So far, since his about-face, Williams has sought juvenile life without parole in three cases. But he is still seeking draconian resentencing measures in other cases—amounting to virtual life sentences.
“It’s worth noting that while there are only three cases where life is being sought, there are others where 30 years to life and 40 to life is being sought,” says Lauren Fine, Co-Director of the Youth Sentencing & Reentry Project. “There are many cases that don’t fit with the narrative.”
How did Philadelphia and Pennsylvania get to the point of leading the nation on the wrong side of juvenile justice? The problem was years in the making. Certainly, the “superpredator” myths and the “get tough on crime” stances of the 1980s and 1990s played a role. “We are talking about kids who are caught up in an adult system and are caught up with adult sentencing statutes,” says Marsha Levick, Deputy Director and Chief Counsel of the Juvenile Law Center (JLC). Levick notes that these laws have been on the books since the 1920s. “There have been many, many plea bargains where juveniles entered pleas to life without parole instead of being tried for murder.”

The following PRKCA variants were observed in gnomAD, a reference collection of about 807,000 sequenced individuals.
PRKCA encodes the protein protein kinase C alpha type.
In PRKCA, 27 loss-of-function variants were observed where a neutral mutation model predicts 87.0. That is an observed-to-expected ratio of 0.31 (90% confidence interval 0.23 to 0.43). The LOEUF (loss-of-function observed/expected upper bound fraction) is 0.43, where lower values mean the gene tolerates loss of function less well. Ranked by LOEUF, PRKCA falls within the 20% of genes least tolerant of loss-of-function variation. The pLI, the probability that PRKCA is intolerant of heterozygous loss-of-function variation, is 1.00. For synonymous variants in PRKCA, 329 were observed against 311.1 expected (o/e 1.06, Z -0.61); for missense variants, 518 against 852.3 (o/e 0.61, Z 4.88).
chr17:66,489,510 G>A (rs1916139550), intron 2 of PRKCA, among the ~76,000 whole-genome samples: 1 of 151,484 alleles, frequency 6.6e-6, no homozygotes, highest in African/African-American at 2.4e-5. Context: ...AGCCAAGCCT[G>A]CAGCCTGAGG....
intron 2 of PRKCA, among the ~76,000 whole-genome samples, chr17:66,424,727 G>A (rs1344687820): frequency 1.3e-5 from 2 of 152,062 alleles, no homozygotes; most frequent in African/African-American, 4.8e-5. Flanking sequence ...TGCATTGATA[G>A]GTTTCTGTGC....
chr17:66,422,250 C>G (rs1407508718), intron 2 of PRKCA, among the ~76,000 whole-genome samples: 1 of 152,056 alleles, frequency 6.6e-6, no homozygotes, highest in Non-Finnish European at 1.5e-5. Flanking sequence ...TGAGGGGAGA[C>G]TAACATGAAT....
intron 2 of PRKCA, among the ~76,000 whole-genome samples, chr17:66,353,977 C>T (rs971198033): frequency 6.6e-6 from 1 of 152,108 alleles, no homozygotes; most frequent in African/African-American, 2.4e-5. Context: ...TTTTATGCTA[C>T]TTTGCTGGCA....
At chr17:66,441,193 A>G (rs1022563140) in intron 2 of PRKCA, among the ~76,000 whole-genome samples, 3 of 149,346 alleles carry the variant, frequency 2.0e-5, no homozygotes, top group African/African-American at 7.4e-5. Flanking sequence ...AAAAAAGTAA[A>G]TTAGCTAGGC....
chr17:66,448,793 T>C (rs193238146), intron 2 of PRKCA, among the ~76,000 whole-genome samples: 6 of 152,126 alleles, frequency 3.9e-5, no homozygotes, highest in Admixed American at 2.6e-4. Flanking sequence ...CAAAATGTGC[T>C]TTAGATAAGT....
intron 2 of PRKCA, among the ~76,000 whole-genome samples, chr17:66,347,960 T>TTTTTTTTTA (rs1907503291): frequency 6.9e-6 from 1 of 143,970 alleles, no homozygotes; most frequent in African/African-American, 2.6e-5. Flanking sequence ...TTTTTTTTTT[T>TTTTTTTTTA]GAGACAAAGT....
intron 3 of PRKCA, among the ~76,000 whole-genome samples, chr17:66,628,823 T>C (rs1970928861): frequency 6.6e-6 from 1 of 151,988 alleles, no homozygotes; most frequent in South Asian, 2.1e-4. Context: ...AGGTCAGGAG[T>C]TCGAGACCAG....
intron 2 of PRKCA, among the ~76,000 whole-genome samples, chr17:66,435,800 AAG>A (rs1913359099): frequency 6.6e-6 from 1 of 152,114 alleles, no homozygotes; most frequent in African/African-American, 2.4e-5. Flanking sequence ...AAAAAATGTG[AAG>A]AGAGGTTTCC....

Meanwhile, in 2012, the Pennsylvania legislature enacted a new sentencing law that was not made retroactive. Under the law, which is still harsh for children, juveniles convicted of first degree murder may receive a life sentence or a minimum of 35 years to life for 15 to 17 year olds, and 25 to life for children 14 and under. Young people convicted of second-degree or felony murder may receive 30 years to life if they are 15 to 17, and 20 to life if they are 14 or younger.